The Quality of Mercy: music by Patrick Castillo (Innova).
How do you depict grief? The most personal emotion next to love, it seems incommunicable. Its particularity grows out of a unique relationship between the aggrieved and the one who is lost; no one else can understand the complexities of that tie or the feelings engendered by its severing.
The composer Patrick Castillo understands the difficulty of exploring grief through art. In his This the hour of lead, a rich, five-movement probing of human loss included on his debut album The Quality of Mercy, he does not attempt to universalize grief. His sorrow is not the same as yours. Instead he constructs a fragile space for sadness, a sanctuary where you can release your pain and come to terms with your emotions. This is the texture of grief, with all its warps and woofs, not an outpouring of anguish.
That understated tapestry is woven out of delicate threads: anesthetized oscillations on the piano and vibraphone, choked-up flute interjections, pained sobs from a string quartet, and deadened wordless laments. The muted atmospheres crafted by Lucille Chung, piano, Ian David Rosenbaum, percussion, Jill Heinke, flutes, Kristin Lee, violin, Karen Kim, violin/viola, Jessica Meyer, viola, and Hiro Matsuo, cello, are remarkable for their smoothness.
Castillo’s dabs of color are subtly swirled together, instruments bleeding into one another in a swath of deep hues. The musicians and Castillo beautifully translate into sound W. B. Yeats’ words from Aedh wishes for the Cloths of Heaven, the text for the fifth movement of This is the hour of lead.
In this nuanced world, mezzo-soprano Abigail Fischer is darkly expressive; her voice sounds like the music of Alban Berg. In the Yeats movement and the first movement, which uses Emily Dickinson’s “After great pain, a formal feeling comes” as text, she emerges as a personal voice of grief, embodying sorrow against the more abstract instrumentals.
Castillo has refined taste in texts. In addition to composing, he frequently writes and speaks about music. (Northeast Ohio audiences might know him from Chamberfest Cleveland, where he has given pre-concert lectures for the past four years). In addition to the luminous Yeats and Dickinson poems, he also utilizes Shakespeare. The Quality of Mercy, which is both the title of the recording and a piece on it, comes from a speech in The Merchant of Venice.
The Quality of Mercy is as affecting and sensitively orchestrated as This is the hour of lead. Much of it is subdued: uneasy vocalizations from Fischer, sorrowful cello meditations by Matsuo, nature-scapes created from field recordings of water paired with flitting and buzzing flute (Heinke) and clarinet (Moran Katz). Turmoil does occasionally rear up. Kim’s violin lashes out, Rosenbaum’s marimba drives heedlessly forward, Castillo’s electronic beeps roil. But it ends in consolation, all the preceding nervousness dissipated as the cello and string resolve to an open interval over the plunk of water droplets.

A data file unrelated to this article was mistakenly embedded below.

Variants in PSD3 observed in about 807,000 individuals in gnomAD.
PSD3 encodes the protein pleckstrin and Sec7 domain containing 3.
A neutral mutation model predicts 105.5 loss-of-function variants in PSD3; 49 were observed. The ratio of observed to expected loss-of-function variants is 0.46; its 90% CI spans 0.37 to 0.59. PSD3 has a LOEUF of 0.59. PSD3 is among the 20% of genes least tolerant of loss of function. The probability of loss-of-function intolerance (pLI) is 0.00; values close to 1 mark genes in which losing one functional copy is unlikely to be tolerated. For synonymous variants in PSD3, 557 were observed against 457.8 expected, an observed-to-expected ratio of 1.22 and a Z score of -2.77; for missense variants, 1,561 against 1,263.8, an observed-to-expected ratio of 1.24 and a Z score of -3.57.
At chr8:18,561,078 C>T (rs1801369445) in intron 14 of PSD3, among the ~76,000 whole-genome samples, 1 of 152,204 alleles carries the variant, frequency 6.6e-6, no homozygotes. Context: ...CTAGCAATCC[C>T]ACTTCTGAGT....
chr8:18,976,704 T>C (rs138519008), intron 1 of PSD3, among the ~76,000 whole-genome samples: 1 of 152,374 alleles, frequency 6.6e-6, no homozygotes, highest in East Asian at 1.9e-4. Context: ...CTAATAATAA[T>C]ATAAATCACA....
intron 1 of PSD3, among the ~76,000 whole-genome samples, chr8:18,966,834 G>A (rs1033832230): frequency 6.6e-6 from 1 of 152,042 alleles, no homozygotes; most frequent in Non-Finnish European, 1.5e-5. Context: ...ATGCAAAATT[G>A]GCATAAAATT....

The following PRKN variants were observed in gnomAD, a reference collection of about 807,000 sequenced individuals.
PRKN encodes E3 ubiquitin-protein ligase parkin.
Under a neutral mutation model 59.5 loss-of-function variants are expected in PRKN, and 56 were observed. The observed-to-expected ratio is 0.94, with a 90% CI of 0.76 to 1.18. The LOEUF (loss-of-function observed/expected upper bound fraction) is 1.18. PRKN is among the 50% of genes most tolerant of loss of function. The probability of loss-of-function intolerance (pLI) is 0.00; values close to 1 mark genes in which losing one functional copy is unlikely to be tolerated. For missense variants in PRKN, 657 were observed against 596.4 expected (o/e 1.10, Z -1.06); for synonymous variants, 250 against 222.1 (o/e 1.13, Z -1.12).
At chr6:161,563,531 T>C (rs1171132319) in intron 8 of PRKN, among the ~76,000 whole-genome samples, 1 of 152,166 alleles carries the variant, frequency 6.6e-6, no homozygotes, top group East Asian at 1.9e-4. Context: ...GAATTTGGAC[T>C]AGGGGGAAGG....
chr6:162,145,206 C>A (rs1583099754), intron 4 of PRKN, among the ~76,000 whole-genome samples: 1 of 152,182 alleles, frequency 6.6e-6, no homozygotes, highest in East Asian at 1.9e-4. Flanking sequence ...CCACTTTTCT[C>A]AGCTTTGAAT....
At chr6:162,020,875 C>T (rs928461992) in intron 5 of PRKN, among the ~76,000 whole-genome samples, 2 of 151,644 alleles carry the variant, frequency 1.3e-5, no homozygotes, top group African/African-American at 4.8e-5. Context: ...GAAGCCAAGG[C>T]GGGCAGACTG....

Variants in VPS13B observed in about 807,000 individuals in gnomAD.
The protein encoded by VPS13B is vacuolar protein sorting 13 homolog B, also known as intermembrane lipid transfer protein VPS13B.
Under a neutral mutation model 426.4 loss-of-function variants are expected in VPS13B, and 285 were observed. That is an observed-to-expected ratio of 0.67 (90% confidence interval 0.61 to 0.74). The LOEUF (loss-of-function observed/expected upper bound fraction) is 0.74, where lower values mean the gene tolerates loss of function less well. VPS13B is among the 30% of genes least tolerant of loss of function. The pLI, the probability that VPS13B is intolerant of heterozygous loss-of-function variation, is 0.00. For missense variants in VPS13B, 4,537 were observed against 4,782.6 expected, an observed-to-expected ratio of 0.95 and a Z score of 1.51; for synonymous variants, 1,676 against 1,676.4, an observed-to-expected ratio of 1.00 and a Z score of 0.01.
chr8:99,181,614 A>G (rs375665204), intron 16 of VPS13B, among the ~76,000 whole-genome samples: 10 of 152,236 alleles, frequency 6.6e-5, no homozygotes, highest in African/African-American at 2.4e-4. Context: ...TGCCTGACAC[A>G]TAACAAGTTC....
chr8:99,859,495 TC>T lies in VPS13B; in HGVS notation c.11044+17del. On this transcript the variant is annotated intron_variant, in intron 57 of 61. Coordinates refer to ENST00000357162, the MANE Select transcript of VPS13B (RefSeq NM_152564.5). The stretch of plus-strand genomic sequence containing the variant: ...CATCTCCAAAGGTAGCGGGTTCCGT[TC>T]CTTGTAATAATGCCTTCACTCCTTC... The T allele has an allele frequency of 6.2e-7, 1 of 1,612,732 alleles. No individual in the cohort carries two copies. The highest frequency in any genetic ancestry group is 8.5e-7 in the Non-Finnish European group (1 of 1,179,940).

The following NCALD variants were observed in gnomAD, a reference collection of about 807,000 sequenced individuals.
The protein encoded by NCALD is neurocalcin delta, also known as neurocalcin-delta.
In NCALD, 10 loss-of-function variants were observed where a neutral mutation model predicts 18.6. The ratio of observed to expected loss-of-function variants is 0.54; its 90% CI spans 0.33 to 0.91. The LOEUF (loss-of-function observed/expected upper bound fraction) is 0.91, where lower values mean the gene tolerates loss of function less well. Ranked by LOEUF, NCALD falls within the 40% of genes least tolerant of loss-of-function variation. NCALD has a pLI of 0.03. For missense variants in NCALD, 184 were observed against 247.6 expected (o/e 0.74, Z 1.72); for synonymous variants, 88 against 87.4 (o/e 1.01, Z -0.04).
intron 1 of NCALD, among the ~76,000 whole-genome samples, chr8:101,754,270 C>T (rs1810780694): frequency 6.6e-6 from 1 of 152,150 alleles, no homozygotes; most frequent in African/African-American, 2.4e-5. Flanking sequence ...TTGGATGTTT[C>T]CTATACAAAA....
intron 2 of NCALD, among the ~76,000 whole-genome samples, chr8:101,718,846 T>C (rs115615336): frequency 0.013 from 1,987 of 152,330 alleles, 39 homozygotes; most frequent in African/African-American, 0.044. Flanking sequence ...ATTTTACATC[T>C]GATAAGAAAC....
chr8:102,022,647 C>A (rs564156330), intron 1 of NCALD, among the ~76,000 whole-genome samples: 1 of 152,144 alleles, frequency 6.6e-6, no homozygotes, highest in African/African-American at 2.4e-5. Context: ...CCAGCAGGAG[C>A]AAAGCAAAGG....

The two large pieces are separated on the album by Cirque, a brief but kaleidoscopic violin solo. Despite relatively meager musical materials (some leaping fifths, a country fiddling gesture, a weighted two-note descending figure), there is extensive variety. Kim’s performance is compellingly structured and intimately detailed. Like The Quality of Mercy and This is the hour of lead, Cirque lets the listener inhabit it. Castillo does not assert his experience as a universal. He provides the gorgeous, masterfully crafted canvas; you fill it with your own emotion. — Daniel Hautzinger
Allusions to Seasons and Weather: music by Peter V. Swendsen (Oberlin Music).
This is a captivating CD. During its seven tracks, Peter Swendsen brilliantly conceives a kaleidoscope of sound that combines acoustic instruments with electronics.
The four-movement title piece is stunning. Inspired by an early December in Oslo with fog rolling in from the Oslofjord, the first movement — “Before Frozen Fog” (2008) for tenor recorder and live electronics — beautifully captures in music the mysterious seasonal shift from fall into winter. Recorder player Terri Hron skillfully bends pitches, evoking fog as it makes its way from sea onto land.
The shortest days of the Norwegian winter are brought to life during the second movement, “Bright Days of Little Sunlight” (2008) for violin, cello, flute, clarinet, percussion, and stereo tape. Folk songs, foghorns, and church bells reflect a time of year when light is in short supply. The Oberlin Contemporary Music Ensemble performs with precision and warmth.
Scored for solo bass drum and live electronics, the third movement, “Nothing that is not there and the nothing that is” (2009), takes its title from the final line of Wallace Stevens’s poem The Snowman. Swendsen’s musical depiction of the collision of wind and land is hauntingly real.
The summer solstice above the Arctic Circle is brought to life during the concluding movement, ‘Northern Circles’ (2011). Bassoonist Dana Jessen and saxophonist Michael Straus seamlessly meld their sounds, fitting perfectly inside the shimmering electronics while the sounds of nature permeate the landscape.Next the recording moves to four moments near water (2012) for cello, stereo tape, and live electronics, based on field recordings Swendsen made at locations in Norway and Prague. Cellist Dylan Messina performs the extended techniques with flair and beautifully blends into the recorded sounds.
After Sift (2012) for stereo tape brings to life Jan Trumbaur’s poem of the same name, the album closes with a sudden change in the consistency of snow for alto saxophone and stereo tape. In this most playful composition on the recording, saxophonist Michael Straus effortlessly wanders through the sounds of the changing snow. — Mike Telin
Published on ClevelandClassical.com December 17, 2015.
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